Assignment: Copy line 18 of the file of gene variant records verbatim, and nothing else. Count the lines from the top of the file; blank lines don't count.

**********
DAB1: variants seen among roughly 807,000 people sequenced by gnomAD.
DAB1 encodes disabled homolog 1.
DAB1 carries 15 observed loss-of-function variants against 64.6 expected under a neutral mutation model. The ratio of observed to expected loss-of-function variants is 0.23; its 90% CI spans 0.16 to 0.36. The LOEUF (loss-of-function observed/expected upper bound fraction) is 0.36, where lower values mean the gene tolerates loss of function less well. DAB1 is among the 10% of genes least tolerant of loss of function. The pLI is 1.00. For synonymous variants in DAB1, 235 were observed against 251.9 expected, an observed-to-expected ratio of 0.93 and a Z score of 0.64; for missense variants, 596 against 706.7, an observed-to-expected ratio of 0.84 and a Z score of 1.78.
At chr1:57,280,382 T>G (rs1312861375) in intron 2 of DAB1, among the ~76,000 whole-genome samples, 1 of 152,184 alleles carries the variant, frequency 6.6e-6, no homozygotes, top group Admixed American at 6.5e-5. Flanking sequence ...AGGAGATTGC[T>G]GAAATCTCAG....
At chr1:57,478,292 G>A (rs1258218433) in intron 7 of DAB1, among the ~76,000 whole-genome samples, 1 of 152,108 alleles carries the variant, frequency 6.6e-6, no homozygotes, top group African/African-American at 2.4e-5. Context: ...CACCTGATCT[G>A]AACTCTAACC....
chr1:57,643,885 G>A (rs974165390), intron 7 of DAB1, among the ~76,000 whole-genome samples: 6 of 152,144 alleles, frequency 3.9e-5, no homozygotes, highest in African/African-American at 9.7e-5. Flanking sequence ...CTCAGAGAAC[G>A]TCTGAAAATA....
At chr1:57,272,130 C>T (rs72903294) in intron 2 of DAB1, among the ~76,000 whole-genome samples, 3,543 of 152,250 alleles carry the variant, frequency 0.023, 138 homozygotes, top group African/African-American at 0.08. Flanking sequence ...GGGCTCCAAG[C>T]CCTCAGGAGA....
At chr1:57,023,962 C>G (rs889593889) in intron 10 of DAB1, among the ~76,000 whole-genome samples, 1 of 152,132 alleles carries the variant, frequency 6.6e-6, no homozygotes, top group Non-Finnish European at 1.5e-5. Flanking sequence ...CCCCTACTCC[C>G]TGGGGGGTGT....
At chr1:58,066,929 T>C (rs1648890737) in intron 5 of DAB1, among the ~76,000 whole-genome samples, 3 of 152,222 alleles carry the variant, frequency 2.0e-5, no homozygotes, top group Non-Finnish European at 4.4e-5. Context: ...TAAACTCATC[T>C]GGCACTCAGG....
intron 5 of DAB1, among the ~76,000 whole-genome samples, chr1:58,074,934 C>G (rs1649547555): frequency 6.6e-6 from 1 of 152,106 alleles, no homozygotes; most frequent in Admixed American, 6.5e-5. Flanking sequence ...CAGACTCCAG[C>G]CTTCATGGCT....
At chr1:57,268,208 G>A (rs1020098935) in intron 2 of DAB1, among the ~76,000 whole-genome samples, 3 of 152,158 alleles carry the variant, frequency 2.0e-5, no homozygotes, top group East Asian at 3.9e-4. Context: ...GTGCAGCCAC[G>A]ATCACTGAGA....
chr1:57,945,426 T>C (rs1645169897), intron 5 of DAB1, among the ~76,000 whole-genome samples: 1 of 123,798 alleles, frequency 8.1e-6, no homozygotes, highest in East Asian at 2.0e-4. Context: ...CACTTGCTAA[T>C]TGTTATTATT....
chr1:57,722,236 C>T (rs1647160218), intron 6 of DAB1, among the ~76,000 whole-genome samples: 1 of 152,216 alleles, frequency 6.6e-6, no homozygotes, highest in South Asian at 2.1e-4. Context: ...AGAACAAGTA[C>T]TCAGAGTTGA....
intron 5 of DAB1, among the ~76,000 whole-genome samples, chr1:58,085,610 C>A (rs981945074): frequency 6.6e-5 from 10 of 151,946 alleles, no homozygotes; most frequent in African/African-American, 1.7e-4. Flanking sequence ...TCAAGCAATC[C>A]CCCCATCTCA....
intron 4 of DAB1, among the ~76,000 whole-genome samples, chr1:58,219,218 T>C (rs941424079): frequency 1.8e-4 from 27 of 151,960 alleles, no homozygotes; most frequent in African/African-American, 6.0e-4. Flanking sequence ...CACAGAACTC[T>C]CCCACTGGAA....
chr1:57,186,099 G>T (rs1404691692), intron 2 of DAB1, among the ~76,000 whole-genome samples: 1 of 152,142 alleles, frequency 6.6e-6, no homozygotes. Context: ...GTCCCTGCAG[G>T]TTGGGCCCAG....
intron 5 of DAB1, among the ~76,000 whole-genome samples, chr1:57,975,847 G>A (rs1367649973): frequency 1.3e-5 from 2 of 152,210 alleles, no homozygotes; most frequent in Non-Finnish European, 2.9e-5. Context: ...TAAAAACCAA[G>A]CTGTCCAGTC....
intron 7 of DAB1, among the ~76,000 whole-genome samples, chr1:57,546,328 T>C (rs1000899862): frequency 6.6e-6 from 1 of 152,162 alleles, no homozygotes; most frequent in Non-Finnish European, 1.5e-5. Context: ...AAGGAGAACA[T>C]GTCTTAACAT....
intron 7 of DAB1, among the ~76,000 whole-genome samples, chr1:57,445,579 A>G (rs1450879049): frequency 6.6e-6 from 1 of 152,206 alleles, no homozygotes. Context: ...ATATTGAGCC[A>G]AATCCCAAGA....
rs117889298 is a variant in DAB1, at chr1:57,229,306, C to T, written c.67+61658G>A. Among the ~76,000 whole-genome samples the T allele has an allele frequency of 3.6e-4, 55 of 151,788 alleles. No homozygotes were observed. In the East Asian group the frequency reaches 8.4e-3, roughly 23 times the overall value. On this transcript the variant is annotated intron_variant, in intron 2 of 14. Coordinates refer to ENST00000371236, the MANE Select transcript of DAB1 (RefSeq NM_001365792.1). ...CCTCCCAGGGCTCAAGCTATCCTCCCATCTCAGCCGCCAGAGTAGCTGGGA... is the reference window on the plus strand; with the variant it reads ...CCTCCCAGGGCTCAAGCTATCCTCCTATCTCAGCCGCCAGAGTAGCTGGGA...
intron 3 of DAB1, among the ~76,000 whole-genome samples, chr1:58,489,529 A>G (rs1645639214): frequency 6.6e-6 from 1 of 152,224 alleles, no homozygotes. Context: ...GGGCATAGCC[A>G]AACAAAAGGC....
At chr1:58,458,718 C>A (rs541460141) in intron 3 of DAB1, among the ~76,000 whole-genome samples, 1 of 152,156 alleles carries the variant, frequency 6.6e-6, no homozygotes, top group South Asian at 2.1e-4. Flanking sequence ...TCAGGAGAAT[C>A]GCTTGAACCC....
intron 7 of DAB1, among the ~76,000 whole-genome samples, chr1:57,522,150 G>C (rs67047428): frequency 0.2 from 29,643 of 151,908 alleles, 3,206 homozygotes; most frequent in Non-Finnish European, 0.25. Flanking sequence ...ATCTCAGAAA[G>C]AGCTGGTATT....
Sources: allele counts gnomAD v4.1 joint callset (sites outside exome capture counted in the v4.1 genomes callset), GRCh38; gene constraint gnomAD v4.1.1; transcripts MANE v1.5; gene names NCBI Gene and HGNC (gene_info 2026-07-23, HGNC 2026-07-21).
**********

intron 7 of DAB1, among the ~76,000 whole-genome samples, chr1:57,546,328 T>C (rs1000899862): frequency 6.6e-6 from 1 of 152,162 alleles, no homozygotes; most frequent in Non-Finnish European, 1.5e-5. Context: ...AAGGAGAACA[T>C]GTCTTAACAT....